Dispelling the Myth of Induction Loop Technology

by Cory Schaeffer

In this article, Cory Schaeffer explains the benefits of Induction Loop Technology.

Induction loop technology wirelessly broadcasts the audio system directly to hearing aids that have a t-coil. It’s widely used outside of North America for assistive listening. With the recent 2012 changes in the America’s with Disabilities Act (ADA), this technology has had a surge of interest from the hearing impaired community. I remember over ten years ago when I first “heard” a loop receiver and what my impression was. In brief, I was less than impressed and I wondered why anyone would use a loop system.

The past two years have been very educational for me and what I’ve learned is that induction loop is a technology. Like any technology it has its pros and cons. It’s not fair to jump to a conclusion and blame the technology based one poor experience as there are many factors at play. As Pat Brown always says when we ask him a question about technology, “It depends…”

To be installed properly there are various factors on the installation site that must be taken into consideration. Even coverage, the correct standardized levels to match hearing aids and a flat frequency response across the desired bandwidth are critically important in proving a positive experience.  Taking time to research and plan the design and install is necessary since a properly designed, installed and operating hearing loop system delivers tangible benefits to the end-user. With induction loop technology the technology needs to be installed correctly and to an IEC Standard which is a standard that guides the performance of the system. This standard when followed ensures that there is equal coverage throughout the looped area.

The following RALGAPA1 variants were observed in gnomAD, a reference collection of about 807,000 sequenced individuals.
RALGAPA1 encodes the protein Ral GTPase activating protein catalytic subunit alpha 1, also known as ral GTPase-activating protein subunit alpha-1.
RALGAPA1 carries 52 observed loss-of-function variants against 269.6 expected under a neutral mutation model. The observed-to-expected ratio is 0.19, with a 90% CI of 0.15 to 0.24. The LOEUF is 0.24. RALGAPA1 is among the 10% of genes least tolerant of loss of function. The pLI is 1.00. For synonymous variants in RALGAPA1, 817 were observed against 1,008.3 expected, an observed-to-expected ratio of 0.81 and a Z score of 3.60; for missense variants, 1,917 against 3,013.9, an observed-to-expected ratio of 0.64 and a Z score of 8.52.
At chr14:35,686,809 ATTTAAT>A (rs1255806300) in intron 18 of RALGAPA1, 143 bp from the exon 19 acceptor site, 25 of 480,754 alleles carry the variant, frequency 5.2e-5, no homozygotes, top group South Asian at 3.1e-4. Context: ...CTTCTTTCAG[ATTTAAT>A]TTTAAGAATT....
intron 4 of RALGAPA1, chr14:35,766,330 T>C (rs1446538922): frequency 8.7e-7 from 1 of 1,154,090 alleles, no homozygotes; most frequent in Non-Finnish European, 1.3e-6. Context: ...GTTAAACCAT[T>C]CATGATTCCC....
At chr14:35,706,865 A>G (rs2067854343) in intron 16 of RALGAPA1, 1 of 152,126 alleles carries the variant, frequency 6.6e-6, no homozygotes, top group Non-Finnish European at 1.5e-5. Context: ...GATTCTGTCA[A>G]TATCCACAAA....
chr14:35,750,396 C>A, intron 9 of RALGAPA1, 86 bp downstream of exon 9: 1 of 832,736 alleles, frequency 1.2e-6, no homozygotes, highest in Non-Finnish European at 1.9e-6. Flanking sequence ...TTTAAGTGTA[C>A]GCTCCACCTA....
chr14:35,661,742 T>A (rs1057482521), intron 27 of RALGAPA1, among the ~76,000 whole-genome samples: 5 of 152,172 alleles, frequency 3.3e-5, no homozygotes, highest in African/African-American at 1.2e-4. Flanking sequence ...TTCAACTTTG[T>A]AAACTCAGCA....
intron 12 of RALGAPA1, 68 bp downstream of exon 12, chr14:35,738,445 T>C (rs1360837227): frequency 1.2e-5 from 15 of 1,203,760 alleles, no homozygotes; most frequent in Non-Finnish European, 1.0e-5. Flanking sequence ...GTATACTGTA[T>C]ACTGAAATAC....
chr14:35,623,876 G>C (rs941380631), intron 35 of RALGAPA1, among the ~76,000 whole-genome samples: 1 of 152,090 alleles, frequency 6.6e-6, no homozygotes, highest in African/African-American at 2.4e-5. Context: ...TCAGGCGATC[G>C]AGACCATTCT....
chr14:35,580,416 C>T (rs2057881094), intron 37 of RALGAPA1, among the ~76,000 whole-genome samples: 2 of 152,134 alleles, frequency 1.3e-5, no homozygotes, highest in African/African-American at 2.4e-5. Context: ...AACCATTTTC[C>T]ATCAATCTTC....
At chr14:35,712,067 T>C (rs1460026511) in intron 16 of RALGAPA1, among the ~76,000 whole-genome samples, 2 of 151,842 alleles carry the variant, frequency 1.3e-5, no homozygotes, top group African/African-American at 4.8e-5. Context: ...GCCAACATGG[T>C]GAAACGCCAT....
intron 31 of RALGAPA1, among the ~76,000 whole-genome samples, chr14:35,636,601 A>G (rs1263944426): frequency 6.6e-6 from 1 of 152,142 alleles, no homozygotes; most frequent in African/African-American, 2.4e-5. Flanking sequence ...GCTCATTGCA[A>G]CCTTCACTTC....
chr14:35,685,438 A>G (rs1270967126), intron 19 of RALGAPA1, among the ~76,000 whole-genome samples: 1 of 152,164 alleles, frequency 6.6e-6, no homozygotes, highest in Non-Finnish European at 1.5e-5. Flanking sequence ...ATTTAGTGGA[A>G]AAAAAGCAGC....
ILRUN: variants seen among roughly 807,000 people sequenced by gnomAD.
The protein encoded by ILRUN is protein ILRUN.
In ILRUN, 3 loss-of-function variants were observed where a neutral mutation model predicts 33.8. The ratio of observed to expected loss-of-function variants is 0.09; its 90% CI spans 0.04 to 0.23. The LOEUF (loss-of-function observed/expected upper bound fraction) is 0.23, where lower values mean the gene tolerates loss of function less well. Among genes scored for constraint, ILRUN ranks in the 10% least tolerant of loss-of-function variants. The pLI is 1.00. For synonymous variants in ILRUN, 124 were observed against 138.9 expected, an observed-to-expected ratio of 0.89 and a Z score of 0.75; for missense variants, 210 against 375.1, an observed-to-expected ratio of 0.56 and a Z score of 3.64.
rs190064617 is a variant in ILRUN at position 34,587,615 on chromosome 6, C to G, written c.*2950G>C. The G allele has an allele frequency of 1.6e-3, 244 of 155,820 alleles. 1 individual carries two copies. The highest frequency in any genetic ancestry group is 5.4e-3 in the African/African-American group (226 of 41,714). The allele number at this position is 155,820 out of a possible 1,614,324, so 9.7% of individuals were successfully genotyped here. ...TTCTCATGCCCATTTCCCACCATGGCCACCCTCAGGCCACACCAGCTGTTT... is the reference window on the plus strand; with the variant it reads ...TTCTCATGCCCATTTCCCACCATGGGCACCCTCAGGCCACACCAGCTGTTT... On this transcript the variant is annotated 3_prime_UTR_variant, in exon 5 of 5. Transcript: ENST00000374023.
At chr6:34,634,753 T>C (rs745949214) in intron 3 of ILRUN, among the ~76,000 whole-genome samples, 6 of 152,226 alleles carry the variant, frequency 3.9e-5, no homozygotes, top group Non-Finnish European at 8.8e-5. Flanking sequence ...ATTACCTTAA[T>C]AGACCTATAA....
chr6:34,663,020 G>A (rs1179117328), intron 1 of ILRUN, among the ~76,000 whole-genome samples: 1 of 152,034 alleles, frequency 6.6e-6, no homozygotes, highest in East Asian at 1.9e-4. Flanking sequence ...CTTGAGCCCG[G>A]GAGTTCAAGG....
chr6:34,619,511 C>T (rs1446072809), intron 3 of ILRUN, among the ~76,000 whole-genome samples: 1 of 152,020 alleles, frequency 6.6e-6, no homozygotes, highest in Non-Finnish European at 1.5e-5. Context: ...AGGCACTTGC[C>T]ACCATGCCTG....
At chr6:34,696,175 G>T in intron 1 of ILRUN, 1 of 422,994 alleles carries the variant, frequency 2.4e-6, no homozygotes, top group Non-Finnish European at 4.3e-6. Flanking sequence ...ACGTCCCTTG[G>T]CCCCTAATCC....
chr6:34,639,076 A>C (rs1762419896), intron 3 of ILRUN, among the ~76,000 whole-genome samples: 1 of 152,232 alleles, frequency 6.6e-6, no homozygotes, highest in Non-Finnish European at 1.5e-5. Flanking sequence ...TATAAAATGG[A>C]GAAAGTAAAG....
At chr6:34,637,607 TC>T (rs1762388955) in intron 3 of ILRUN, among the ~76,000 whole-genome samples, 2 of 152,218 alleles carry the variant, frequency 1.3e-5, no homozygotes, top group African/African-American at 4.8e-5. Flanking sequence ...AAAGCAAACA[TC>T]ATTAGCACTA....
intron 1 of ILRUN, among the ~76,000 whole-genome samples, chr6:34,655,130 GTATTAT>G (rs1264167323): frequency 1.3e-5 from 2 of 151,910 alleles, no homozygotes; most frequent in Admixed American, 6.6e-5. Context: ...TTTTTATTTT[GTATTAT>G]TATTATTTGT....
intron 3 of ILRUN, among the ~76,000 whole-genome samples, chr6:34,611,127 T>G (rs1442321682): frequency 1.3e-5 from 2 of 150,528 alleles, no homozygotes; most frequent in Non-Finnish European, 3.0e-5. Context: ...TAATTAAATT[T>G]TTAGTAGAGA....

Chart showing how Induction Loop Technology works

Photo of a person listening

I have seen firsthand the emotional impact a properly installed induction loop can have on someone experiencing it for the first time. It’s quite visible. You can see their eyes light up right before you. Honestly, it’s an amazing experience to be part of. One of our New York City representatives was visibly touched while witnessing a woman experience this technology for the first time. Words could not prepare her and she burst into tears as she realized she could not only hear, but hear clearly. The rep’s eyes filled with tears during the demonstration and he had to look away so that he didn’t cry. This is what I love about assistive listening – delivering a positive experience.

The requests and momentum of induction loop is growing in North America as the hard-of-hearing community demand this technology over others in many venues. Users often prefer this technology whenever possible because they don’t have to go and pick up a receiver and therefore point themselves out as having a disability. They simply use their t-coil hearing aid as the receiver. Receivers for people that do not have a t-coil hearing aid can be used with an induction loop system.

I’ve learned a great deal about induction loops since that first experience years ago. We’ve even hired a specialist within our company to focus on this technology. Induction loop installations can be more complicated than the standard RF and IR technologies and like all technologies it’s not ideal for every project. But the potential impact on many levels leaves this a technology not to be overlooked.